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The structure of marine benthic food webs: combining stable isotope techniques and inverse modeling
van Oevelen, D. (2005). The structure of marine benthic food webs: combining stable isotope techniques and inverse modeling. PhD Thesis. Rijksuniversiteit Groningen: Groningen. 143 pp.

dissertations.ub.rug.nl/faculties/science/2006/d.van.oevelen/

Thesis info:

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Document type: Dissertation

Keywords
    Benthos; Carbon isotopes; Food webs; Modelling; Marine

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  • Higher trophic levels in the Southern North Sea, more

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  • van Oevelen, D., more

Abstract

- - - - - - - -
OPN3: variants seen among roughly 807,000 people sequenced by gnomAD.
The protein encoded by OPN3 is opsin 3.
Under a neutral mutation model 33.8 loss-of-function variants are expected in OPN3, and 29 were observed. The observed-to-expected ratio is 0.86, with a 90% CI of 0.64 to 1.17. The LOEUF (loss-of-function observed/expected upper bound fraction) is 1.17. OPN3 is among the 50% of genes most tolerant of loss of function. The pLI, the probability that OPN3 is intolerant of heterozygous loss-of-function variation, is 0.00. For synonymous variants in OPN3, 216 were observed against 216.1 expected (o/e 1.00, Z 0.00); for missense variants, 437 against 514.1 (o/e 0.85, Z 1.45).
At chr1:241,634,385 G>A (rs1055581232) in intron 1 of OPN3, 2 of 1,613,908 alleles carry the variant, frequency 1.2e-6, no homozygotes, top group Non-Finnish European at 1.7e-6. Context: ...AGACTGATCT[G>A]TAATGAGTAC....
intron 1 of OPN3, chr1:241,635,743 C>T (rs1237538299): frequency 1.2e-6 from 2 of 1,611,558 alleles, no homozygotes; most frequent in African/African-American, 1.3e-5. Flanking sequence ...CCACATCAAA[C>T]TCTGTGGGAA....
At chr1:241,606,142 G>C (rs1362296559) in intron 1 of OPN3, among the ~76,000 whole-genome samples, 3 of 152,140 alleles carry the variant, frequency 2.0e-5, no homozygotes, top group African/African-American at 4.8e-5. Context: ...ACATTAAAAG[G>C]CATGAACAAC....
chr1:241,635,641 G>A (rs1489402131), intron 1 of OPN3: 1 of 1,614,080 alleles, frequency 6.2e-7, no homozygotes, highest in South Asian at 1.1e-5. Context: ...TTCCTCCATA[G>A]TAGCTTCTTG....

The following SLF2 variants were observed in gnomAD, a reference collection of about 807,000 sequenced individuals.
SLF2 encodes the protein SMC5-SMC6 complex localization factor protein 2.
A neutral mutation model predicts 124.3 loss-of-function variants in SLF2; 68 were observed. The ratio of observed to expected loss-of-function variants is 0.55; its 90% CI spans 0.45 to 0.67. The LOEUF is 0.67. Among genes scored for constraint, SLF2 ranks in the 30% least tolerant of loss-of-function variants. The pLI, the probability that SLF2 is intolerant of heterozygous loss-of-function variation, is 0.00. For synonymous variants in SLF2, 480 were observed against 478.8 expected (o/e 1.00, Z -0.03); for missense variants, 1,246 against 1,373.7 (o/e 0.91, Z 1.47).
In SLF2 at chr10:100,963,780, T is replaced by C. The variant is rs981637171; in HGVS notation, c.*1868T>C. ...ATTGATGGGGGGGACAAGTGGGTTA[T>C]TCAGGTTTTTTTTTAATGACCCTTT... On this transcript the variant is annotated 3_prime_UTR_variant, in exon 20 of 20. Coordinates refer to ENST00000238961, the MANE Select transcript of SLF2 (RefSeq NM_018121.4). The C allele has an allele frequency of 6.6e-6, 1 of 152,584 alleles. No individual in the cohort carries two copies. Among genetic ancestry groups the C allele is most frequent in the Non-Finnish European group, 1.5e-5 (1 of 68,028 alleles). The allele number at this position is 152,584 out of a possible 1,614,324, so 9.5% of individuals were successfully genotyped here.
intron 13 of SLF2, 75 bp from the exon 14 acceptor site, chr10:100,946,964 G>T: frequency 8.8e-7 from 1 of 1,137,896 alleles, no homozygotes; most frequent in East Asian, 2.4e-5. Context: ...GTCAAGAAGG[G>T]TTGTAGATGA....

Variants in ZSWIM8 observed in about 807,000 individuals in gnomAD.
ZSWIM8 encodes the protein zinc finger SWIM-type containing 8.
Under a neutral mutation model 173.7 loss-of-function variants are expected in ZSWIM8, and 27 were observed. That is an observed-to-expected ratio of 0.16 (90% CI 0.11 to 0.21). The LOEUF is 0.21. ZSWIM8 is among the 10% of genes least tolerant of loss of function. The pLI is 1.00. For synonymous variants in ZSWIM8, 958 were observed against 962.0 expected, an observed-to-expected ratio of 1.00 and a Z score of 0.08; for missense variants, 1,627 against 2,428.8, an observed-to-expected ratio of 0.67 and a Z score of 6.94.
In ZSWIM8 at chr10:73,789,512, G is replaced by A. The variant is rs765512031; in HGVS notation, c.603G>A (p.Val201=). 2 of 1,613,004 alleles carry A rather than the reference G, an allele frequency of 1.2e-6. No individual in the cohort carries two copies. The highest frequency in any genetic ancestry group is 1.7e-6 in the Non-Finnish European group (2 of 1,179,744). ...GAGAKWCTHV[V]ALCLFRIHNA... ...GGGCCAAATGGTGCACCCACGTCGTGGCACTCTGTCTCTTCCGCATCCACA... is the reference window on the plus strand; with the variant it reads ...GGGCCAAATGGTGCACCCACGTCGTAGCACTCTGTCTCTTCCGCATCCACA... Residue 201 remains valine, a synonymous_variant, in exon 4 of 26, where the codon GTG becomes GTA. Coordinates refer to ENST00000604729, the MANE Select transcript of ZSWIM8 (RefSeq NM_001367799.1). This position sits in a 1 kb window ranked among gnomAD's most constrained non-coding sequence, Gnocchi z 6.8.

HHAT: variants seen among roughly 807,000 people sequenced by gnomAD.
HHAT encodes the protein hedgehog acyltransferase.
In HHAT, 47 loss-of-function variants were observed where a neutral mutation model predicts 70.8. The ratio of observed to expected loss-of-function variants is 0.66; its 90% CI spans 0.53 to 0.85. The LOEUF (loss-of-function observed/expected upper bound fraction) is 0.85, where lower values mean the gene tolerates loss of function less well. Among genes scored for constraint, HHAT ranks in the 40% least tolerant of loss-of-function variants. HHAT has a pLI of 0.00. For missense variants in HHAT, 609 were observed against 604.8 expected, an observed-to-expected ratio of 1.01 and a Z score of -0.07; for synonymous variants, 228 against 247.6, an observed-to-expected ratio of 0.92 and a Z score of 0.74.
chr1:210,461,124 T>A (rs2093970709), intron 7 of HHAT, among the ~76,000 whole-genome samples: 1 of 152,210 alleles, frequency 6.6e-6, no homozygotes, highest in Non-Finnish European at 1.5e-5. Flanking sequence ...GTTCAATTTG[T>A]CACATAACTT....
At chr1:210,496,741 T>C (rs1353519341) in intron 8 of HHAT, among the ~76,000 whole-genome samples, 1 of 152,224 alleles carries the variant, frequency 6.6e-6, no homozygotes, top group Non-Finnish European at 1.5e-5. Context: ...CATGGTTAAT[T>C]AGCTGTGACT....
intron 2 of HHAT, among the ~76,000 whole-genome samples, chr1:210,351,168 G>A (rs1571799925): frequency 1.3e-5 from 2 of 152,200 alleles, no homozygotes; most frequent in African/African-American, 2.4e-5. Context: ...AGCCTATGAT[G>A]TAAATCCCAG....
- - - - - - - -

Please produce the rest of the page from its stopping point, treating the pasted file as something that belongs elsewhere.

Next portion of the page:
The rich benthic community of estuarine and coastal sediments thrives in an environment where organic carbon inputs of different origins are diluted with inedible sediment particles. Our knowledge on how the different carbon inputs are partitioned within the benthic community is limited, because of the intractability of the benthic environment, in particular due to difficulties with accessibility and sampling, and high heterogeneity. In this thesis, we combine stable isotope techniques with quantitative modeling approaches to gain additional insight in the structure of marine benthic food webs. Chapter 2 is a review of applications of linear inverse modeling (LIM); a data assimilation technique that is used to reconstruct food web flows from incomplete datasets. The review discusses three aspects. First, we make explicit account of the different elements that form a LIM: 1) five types of ecological information, 2) three linear equations and 3) two optimization norms.Differences among LIM applications can be explained by differences in the way these elements are combined, which can be translated to 1) a different appraisal of the quality of different information types and 2) differences in the chosen optimization norm. Second, common practice in ecological modeling is to solve the LIM and discuss the results in terms of the food web flows. Typically, no or only limited attention is paid to the properties of the LIM solution. Five LIMs of food webs that differ in number of food web compartments, flows and available data were investigated with especial emphasis on the properties of their solutions. Strikingly, it appeared that the uncertainty surrounding the recovered flows was high. However, the uncertainty clearly differed among the LIMs and were directly related to the ratio of data to number of food web flows, the lower this ratio the higher the uncertainty. Moreover, it appeared that the linear optimization criteria did not always lead to one unique solution, but several alternative solutions may exist. Since the quadratic optimization criterium should always lead to a unique optimal solution, were commend the use of this criterium in future studies. The gained insights in LIM problems showed that the analysis of the LIM solution is valuable and should be routinely included in LIM food web studies. Finally, the large uncertainty in the reconstructed food webs pinpoints to the need for additional data resources that may reduce this uncertainty. We demonstrate that stable isotope signatures were very successful in reducing the uncertainty of the food web flows of a benthic food web (Chapter 3). Other data types, such as ecological stoichiometry and quantitative fatty acid signature data, are expected to be similarly effective and we suggest that LIM offers a ideal platform to integrate traditional data types (e.g. biomass data) withthese modern data types to reduce the uncertainty in food web reconstructions.Chapter 3 is a case-study of LIM to recover the carbon flows in an intertidal sediment. Conventional LIM methodology accommodates data on biomass and total carbon processing (e.g. primary production, community respiration). In this chapter we extended the existing methodology such that natural abundance and tracer stable isotope data can also be added. Dedicated uncertainty analysis clearly demonstrated that these data additions decreased the uncertainty in the recovered food web: the uncertainty range for 60% of the flows decreased with > 50%. Moreover, the conventional methodology uses a minimization criterium to solve the inverse model, this criterium has been questioned because it lacks a biological justification and introduces a bias in the reconstruction. Inthe extended methodology, the model is solved by assimilating tracer isotope data and therefore makes the arbitrary minimization criterium redundant.Carbon flows in the intertidal food web were dominated by bacteria, both in terms of secondary production and respiration. Bacteria acquired carbon predominantly (85 %) from semi-labile detritus and the remainder from dissolved organic carbon. Only a limited fraction (9 %) of the bacterial carbon production was grazed by the benthos, the remainder was recycled back to detritus and dissolved organic carbon. Microbenthos was the second contributor to total secondary production. Its dominant carbon sources were detritus or dissolved organic carbon, the results from the inverse model did however not allow to quantify the importance of the sources individually. Surprisingly, bacteria contributed only a few percent to the total carbon requirements of microbenthos. Larger benthos, consisting of nematodes, meiobenthos and macrobenthos, fed selectively and relied primarily on microphytobenthos and phytoplankton. Surprisingly, detritivory was negligible for these larger benthic fauna. These observations suggest that the microbial community (i.e. bacteria and possibly microbenthos) is supported by semi-labile detritus with limited transfer to higher trophic levels, whereas local primary production by microphytobenthos and phytoplankton supported the meiobenthic and macrobenthic communities. This separation suggested that the detrital-microbial and algal-grazer pathways function rather autonomously.Chapter 4 builds on the conclusion from chapter 3 that only a limited fraction of bacterial carbon production is grazed by the benthic community, but instead recycles back to detritus or dissolved organic carbon. This chapter reports on a dedicated in situ isotope labeling study that was conducted to quantify the fate of bacterial carbon in sediments ona time scale ranging from days to months. 13C-glucose was injected in the surface 10cm of an intertidal sediment and traced into specific bacterial polar-lipid-derived fatty acid(PLFA) biomarkers, particulate organic carbon (POC), dissolved inorganic carbon (DIC),meiobenthos and macrobenthos. A dynamic model describing the C and 13C transfers in the sediment was successfully fitted to the C and 13C observations of the different compartments. The model output was subsequently used to recover total bacterial carbon production and the importance of its potential fates: grazing, resuspension or recycling to dissolved organic carbon.The model contained parameters describing bacterial growth, bacterial grazing, resuspension and growth efficiency. The values of these parameters were used in a published mechanistic relation that predicts the ratio bacterial carbon particulate organic carbon. The ratio prediction based on the model parameter was 0.005, and compared reasonably, although at the lower end, with the observed ratios (0.005 - 0.24). This correspondence suggests that mechanistic modeling may be used to model bacterial carbon dynamics, rather than the statistical regression models that are more commonly employed.Total bacterial production was 67 mmol C m¡2 d¡1. The primary fate of bacterial production was mortality, accounting for 65 % of the bacterial production, thus forming are cycling carbon in the bacteria - dissolved organic carbon loop. The major loss from this loop is bacterial respiration. Grazing of bacteria by meiobenthos (3 %) and macrobenthos (24 %) accounted for 27 % of the bacterial production. Due to the high meiobenthic and macrobenthic biomass at the study site, we surmise that grazing pressure is high when compared to other systems. Therefore grazing on bacteria by benthos is not expected to be a major controlling factor of bacterial biomass in marine sediments.The results from this experiment were also used in chapters 5 and 6. Chapter 5 aims to answer the question: How much of their carbon requirementsdo intertidal meiobenthos and macrobenthos derive from bacterial carbon? To answerthis question, the bacterial community in an intertidal sediment was labeled with 13C,following the injection of 13C-glucose. The appearance of label in bacteria (based on label incorporation in bacterial-specific phospholipid-derived fatty acids) and subsequent transfer to meiobenthos (group level) and macrobenthos (species level) was followed overa period of 36 days. The label dynamics of the benthos were either fitted with a simple isotope model or evaluated against enrichment of bacteria, to derive the importance ofbacteria in the carbon budget of the meiobenthic and macrobenthic community. Bacteria constituted a maximum of 20 % and generally < 10 % of total carbon demands of thedifferent members of the meiobenthic and macrobenthic community. Therefore the trophic significance of bacterial carbon for intertidal meiobenthos and macrobenthos is limited.The amount of labile carbon usually decreases with sediment depth. We therefore hypothesized that deeper dwelling benthos relies more on labile bacterial carbon thansurface dwelling benthos that have direct access to other labile carbon sources. Contrary to this hypothesis, meiobenthos and macrobenthos living deeper in the sediment did not showa comparatively higher dependence on bacterial carbon. Possibly, benthic fauna cannot process sediment particles, with attached bacterial community, quickly enough to exploit the present bacterial carbon to a greater extent. If one assumes indiscriminate feeding on a homogeneous mix of sediment and bacteria, the expected removal of bacterial carbon at our study site is 0.36 % d¡1. The resulting carbon flows is well below the maintenance requirements of benthic fauna, and therefore we expect that bacterivory is limited by the processing rates of sediment particles. However, our observations do show that 6£ more bacterial carbon is removed than expected from indiscriminate feeding, which clearly demonstrates selective feeding by benthic fauna. Bacteria assimilate and respire both fresh and semi-labile organic carbon. The lowdependence on bacterial carbon suggests that benthic fauna competes with bacteria for labile organic carbon, as labile carbon assimilated by bacteria is effectively lost for the faunal food web. Alternatively however, ingestion of bacteria might provide a means through which otherwise indigestible semi-labile detrital organic matter might enter themetazoan food web. Local circumstances, in particular the availability of labile organiccarbon, will determine whether competition or subsidy dominates. The weak interactionbetween bacteria and benthic fauna implies that this interaction should not be viewed asa predatory, but as a competitive interaction for labile organic matter in the benthic foodweb.In chapter 4 the most important fate of benthic bacterial carbon production was foundto be mortality (65 %). Bacteria are made up of different compounds that different degrees of degradability, which may results in a build up of refractory compounds in the sediment.In chapter 6 we evaluate the results from a 13C-glucose labeling experiment and compared13C of different bacterial biomarkers. Polar-lipid-derived fatty acids (PLFAs) rapidly degrade in sediments and were therefore used as a marker for living bacteria. D-alanine (D-Ala) is a compound unique to peptidoglycan, a constituent of bacterial cell walls, whichis known for its refractory nature. Therefore, D-Alanine is used as a marker for both living bacteria and bacterial remnants. Finally, since label uptake was dominated by bacteria, the label dynamics of individual amino acids (AAs) were assumed to be derived from bacteria and were compared with amino acids that have been used as markers to quantify organic matter quality.Dynamics in delta13C were very similar for PLFAs, D-Alanine and AA in the first weeks after labeling, indicating simultaneous production of the different biomarkers, which is expected when new bacterial cells are produced. Levels of delta13C were however lower for D-Ala and THAAs as compared to PLFAs, presumably due to the presence of an inactive background pool for D-ala and THAA that dilutes the delta13C signal of the living bacteria.Surprisingly however, the delta13C dynamics were similar during the 4.5 months after labeling. If burial would have been an important sink of bacterial carbon, delta13C values o fD-Ala and some AAs are expected to be relatively higher when compared to PLFAs. The correspondence in delta13C values between D-Ala and PLFAs therefore implies that burial of comparatively recalcitrant bacterially derived compounds is not a major sink of bacterial carbon. This is further indicated by the low contribution (< 1 %) of D-Ala carbon to total sediment organic carbon.Absolute incorporation rates of 13C for bacteria, inferred from conversion from the different biomarkers, are in good agreement and therefore provide an important validation for the use of biomarkers as a tool to quantify bacterial tracer incorporation. Notable differences in the dynamics of delta13C and 13C among the HAAs were only found 4.5 months after labeling. These differences confirmed the refractory nature of peptidoglycan, as more 13C-D-Ala persisted when compared to the 13C-L-Ala. Moreover the HAAs glycine (Gly), serine (Ser) and proline (Pro) behaved relatively refractory.Interestingly, these AAs have previously been linked to progressive states of organic matter degradation.